This editorial is by Sun News Tucson contributor Mr. Conlan Salgado
Humans are able to view themselves as metaphors by casting their consciousness out of their physical bodies. This I endeavored to establish in a preceding essay. Now before I come to the final conclusion for which I have been setting forth these theories, two more hypotheses should be considered. I would suggest, perhaps cautiously, but still I would suggest that this ability to view the self as a metaphor is really the basis for the conception of human personality. Personality, according to my reasoning, is the expression of a person’s metaphor perception. This means that emotion is very closely related to personality, but also that emotion is subservient to personality. In order that my reasoning be clarified, let me retreat to my former statement that personality is the expression of metaphor self-perception. For instance, imagine that a certain person is going into a high-profile dinner party with many famous people in attendance. His personality is apt to be different from the few hours previously where he was simply lounging on the sofa. How does this vindicate my saying that personality is an expression of one’s ability to view himself as a metaphor? Well, it is simply the idea that this certain person proceeding into his dinner party is able, in an abstract fashion, to construct alternate realities with himself at the center, with each abstract reality representing to him what would, or could occur, if he spoke in this manner or manifested that personality. He at last then is able to elect which metaphorical reality he views most favorably and assume the personality he considers will bring about such a reality. (This assumes also that his consciousness is properly informed by his given circumstances). As it regards personality disorders, there is an abundance of theories about their cause. Perhaps it would not hurt to add another? I believe that personality disorders occur because a person is no longer able to see himself or others as a proper metaphor. A metaphor necessarily requires a circumstance in which to be presented, but the circumstances of a metaphor are implied or described (i.e. a poem may present life as a “fragile flower”, but the poem must then construct an environment in which this flower exists, or rely on the convention of a flower, say, existing in a field). Personality disorders come about because a person is no longer able to perceive his environment correctly, and therefore he is unable to present his person as a metaphor within a sensible circumstance. Almost as a natural instinct, he wishes to impose a circumstance on his surroundings in which he can sensibly see himself as a metaphor (school shootings and shooters would present an interesting case-study). This hypothesis also invites the questioning of what external, or even internal, phenomena would inhibit an individual from perceiving his environment, or what phenomena would suggest to him that he is no longer able to present himself as a metaphor within a sensible circumstance? I propose two tentative answers: firstly, that this aforementioned inhibition is induced when a certain individual is made to believe that how he views himself, metaphorically, is incorrect. As to this case then, it would be the metaphor of the self which is being disturbed as opposed to the circumstances in which the self is presented. Although examples are dangerously hypothetical, let me imagine a simple one: at fifteen years of age a child discovers that his parents are adoptive, that he is not truly their biological child, that they are not truly his biological parents. The child’s circumstances remain uniform, but how he perceives himself within his circumstances is interrupted. He no longer should perceive himself as a child in relation to his parents, but as a foster child in relation to foster parents. To the human consciousness there is often a significant difference. The second cause for an inhibition of metaphor perception is when a person’s circumstances are changed on a cataclysmic level. If a woman were standing outside a room waiting for her husband and then her husband comes out of the room dripping with blood and carrying a knife, then how she views herself within the circumstances is likely to be toppled very quickly. This toppling of self-presentation is the causation of an inability to respond rightly or correctly in certain situations. So far though, many problems have been created and very few solutions, or even diagnoses, have been offered. There is certainly one simple solution, which although simple, is maddeningly difficult to achieve. The solution is merely this: that the human person learn to develop a subconscious identity that depends not at all upon circumstances. How is this to be accomplished though? It should be noted very strongly that I mentioned a subconscious identity; humans beings are not intellectually or physiologically capable of surrendering all circumstantial identities. A human who is genetically male, epidermically white, possesses a PhD, is attracted to females, and has exactly 1.2 million dollars in his bank account for immediate drawing cannot be expected to surrender all these identities at once. Still, these identities are external and circumstantial; some of them refer to internal realities, for example, a PhD indicating academic acumen, which is an internal faculty (intellect), but the identity of PhD is non-internal. External and circumstantial identities are conscious identities, which are the ones which sustain our perception day to day. If the greatest and deepest and most eternal identity of that same man was simply, “I am a soul”, then no circumstance which he encounters is able to affect his ability to perceive himself as a metaphor. A man may lose money, but a man does not lose a soul. Even such an identity such as, “I am a human being”, can be lost, for people often lose their humanity, and everyone must lose his life. “Human being” is never an eternal identity, and for that reason I am inclined to doubt whether it is able to sustain one throughout an entire lifetime, especially if the life he lives is troublesome and torturous. I am not even quite sure which identities are truly so subconscious and eternal; a suitable standard would be an identity which is not able to be taken from one, even by death.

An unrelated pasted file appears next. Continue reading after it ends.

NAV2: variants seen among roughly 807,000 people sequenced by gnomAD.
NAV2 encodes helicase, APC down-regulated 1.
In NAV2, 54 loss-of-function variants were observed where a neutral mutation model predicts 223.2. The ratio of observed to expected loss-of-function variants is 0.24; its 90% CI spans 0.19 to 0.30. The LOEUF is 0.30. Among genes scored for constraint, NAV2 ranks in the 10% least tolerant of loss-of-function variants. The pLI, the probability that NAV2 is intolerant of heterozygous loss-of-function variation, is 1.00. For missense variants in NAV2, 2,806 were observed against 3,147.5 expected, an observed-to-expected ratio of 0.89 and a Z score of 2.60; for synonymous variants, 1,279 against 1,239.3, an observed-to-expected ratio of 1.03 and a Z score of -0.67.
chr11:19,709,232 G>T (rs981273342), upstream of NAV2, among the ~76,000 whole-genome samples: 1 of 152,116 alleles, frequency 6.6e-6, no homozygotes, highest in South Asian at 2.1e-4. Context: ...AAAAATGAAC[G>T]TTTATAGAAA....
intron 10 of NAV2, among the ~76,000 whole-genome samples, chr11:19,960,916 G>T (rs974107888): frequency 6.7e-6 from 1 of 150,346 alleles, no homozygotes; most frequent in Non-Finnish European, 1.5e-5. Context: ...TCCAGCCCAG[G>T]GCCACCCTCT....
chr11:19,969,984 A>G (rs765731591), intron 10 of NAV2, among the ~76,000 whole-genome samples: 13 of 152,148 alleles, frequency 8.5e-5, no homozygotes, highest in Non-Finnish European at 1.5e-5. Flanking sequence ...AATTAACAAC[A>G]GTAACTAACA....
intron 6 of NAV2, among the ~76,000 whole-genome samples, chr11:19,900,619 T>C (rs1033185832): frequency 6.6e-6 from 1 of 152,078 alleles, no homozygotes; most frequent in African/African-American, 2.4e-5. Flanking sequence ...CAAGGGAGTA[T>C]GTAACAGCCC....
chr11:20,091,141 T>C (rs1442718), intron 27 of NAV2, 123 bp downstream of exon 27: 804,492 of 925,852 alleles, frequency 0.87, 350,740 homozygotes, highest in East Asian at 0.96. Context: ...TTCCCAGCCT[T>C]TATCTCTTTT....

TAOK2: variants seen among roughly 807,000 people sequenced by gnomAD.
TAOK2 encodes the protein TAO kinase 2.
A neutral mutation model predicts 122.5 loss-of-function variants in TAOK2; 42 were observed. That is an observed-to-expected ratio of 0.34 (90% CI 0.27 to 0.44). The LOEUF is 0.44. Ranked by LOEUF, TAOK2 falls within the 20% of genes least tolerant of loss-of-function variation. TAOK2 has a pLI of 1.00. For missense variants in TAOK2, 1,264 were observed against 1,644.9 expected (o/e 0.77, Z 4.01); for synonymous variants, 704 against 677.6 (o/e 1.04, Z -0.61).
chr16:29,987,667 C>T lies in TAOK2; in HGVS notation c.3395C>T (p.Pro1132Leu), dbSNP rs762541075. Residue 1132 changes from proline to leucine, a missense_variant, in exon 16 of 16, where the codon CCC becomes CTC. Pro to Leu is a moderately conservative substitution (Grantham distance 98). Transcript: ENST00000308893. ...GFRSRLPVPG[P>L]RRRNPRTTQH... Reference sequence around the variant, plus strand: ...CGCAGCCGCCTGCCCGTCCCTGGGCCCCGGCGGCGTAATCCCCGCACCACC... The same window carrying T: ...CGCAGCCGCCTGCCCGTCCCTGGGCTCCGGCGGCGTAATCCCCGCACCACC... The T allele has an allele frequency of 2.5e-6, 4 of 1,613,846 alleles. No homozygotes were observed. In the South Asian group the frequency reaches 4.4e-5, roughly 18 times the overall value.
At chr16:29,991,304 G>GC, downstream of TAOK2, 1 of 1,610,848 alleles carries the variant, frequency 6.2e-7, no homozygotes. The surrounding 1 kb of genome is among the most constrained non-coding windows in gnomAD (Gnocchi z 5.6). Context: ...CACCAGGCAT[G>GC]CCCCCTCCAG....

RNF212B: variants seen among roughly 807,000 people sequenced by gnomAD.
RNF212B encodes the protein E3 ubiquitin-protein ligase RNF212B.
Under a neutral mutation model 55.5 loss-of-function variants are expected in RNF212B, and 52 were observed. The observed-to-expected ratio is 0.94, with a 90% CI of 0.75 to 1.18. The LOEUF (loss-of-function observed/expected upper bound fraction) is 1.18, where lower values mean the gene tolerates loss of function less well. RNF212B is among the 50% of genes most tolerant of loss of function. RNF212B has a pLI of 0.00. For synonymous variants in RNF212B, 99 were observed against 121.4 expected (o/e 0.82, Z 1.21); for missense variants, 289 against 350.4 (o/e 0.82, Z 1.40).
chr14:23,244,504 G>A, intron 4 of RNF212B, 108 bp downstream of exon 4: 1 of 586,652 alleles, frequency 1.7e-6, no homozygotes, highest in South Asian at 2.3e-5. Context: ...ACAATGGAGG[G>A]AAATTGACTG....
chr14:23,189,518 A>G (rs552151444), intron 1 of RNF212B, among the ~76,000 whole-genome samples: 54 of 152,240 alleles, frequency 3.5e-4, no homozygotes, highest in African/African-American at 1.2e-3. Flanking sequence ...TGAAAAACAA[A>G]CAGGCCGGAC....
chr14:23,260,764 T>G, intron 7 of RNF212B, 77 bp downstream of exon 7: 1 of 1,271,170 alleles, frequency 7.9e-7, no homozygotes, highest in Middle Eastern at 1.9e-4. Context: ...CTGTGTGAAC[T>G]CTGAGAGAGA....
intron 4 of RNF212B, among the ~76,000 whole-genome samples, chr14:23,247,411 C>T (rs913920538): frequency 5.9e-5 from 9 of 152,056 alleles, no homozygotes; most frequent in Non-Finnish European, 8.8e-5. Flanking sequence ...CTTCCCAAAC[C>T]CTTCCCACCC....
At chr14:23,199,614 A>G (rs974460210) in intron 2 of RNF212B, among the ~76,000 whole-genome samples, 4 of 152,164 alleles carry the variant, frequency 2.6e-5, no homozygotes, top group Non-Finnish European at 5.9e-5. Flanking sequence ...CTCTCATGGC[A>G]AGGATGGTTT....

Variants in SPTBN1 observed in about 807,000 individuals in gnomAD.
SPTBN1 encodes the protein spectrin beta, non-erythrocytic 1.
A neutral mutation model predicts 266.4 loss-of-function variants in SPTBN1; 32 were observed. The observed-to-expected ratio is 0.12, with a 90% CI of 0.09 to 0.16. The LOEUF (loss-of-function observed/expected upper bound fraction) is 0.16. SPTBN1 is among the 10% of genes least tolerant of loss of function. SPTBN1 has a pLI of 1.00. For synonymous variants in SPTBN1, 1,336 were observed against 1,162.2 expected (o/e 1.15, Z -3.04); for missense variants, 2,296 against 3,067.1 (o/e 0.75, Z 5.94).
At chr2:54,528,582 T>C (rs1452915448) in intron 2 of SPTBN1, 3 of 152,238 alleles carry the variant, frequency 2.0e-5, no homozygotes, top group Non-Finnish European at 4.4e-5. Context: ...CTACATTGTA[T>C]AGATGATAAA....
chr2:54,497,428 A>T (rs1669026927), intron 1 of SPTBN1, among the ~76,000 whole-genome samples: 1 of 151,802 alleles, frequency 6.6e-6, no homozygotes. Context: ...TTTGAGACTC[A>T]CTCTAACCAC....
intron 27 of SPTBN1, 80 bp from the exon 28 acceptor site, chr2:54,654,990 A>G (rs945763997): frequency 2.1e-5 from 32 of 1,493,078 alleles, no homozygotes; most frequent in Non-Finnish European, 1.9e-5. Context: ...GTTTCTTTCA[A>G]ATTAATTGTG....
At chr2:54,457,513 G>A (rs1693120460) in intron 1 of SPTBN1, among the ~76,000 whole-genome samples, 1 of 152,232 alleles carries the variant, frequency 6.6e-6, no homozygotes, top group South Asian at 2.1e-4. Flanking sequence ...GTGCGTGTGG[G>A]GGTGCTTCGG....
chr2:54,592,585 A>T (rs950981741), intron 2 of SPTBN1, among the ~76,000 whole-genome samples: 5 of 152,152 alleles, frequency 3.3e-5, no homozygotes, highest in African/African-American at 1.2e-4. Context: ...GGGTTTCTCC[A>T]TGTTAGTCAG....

P.S. The second hypothesis mentioned early in this essay (though not identified) will be explored in a further essay.
Here is a link to the preceding essay in this series: